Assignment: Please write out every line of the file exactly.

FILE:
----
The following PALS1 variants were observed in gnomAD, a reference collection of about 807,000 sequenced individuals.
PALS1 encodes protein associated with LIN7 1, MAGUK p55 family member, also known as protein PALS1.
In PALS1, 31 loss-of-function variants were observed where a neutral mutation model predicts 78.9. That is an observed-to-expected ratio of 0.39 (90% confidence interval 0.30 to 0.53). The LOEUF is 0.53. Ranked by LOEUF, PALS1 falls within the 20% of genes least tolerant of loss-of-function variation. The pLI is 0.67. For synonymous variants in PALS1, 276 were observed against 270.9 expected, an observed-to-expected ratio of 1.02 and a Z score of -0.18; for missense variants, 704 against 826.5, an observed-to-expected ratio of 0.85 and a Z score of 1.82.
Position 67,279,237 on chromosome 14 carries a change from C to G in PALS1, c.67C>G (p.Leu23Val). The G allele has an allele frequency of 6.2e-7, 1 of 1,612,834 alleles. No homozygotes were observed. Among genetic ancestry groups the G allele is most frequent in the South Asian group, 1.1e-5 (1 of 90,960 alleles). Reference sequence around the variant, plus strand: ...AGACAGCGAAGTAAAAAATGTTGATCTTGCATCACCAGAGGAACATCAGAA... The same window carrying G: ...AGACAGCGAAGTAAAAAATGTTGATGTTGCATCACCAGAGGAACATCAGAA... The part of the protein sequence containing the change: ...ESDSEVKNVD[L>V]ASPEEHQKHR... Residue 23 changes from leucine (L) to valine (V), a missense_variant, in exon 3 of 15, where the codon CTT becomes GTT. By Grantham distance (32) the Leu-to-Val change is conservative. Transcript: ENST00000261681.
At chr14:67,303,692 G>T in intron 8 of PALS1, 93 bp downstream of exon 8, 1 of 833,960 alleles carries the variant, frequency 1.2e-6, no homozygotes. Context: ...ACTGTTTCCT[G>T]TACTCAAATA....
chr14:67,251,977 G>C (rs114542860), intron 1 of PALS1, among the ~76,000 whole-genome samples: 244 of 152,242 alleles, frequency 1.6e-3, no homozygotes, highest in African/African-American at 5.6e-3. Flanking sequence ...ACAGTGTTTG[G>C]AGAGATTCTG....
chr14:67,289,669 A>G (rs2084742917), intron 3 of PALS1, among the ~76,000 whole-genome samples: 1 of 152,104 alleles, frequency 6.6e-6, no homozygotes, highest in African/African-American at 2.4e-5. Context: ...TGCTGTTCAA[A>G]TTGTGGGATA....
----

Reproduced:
The following PALS1 variants were observed in gnomAD, a reference collection of about 807,000 sequenced individuals.
PALS1 encodes protein associated with LIN7 1, MAGUK p55 family member, also known as protein PALS1.
In PALS1, 31 loss-of-function variants were observed where a neutral mutation model predicts 78.9. That is an observed-to-expected ratio of 0.39 (90% confidence interval 0.30 to 0.53). The LOEUF is 0.53. Ranked by LOEUF, PALS1 falls within the 20% of genes least tolerant of loss-of-function variation. The pLI is 0.67. For synonymous variants in PALS1, 276 were observed against 270.9 expected, an observed-to-expected ratio of 1.02 and a Z score of -0.18; for missense variants, 704 against 826.5, an observed-to-expected ratio of 0.85 and a Z score of 1.82.
Position 67,279,237 on chromosome 14 carries a change from C to G in PALS1, c.67C>G (p.Leu23Val). The G allele has an allele frequency of 6.2e-7, 1 of 1,612,834 alleles. No homozygotes were observed. Among genetic ancestry groups the G allele is most frequent in the South Asian group, 1.1e-5 (1 of 90,960 alleles). Reference sequence around the variant, plus strand: ...AGACAGCGAAGTAAAAAATGTTGATCTTGCATCACCAGAGGAACATCAGAA... The same window carrying G: ...AGACAGCGAAGTAAAAAATGTTGATGTTGCATCACCAGAGGAACATCAGAA... The part of the protein sequence containing the change: ...ESDSEVKNVD[L>V]ASPEEHQKHR... Residue 23 changes from leucine (L) to valine (V), a missense_variant, in exon 3 of 15, where the codon CTT becomes GTT. By Grantham distance (32) the Leu-to-Val change is conservative. Transcript: ENST00000261681.
At chr14:67,303,692 G>T in intron 8 of PALS1, 93 bp downstream of exon 8, 1 of 833,960 alleles carries the variant, frequency 1.2e-6, no homozygotes. Context: ...ACTGTTTCCT[G>T]TACTCAAATA....
chr14:67,251,977 G>C (rs114542860), intron 1 of PALS1, among the ~76,000 whole-genome samples: 244 of 152,242 alleles, frequency 1.6e-3, no homozygotes, highest in African/African-American at 5.6e-3. Flanking sequence ...ACAGTGTTTG[G>C]AGAGATTCTG....
chr14:67,289,669 A>G (rs2084742917), intron 3 of PALS1, among the ~76,000 whole-genome samples: 1 of 152,104 alleles, frequency 6.6e-6, no homozygotes, highest in African/African-American at 2.4e-5. Context: ...TGCTGTTCAA[A>G]TTGTGGGATA....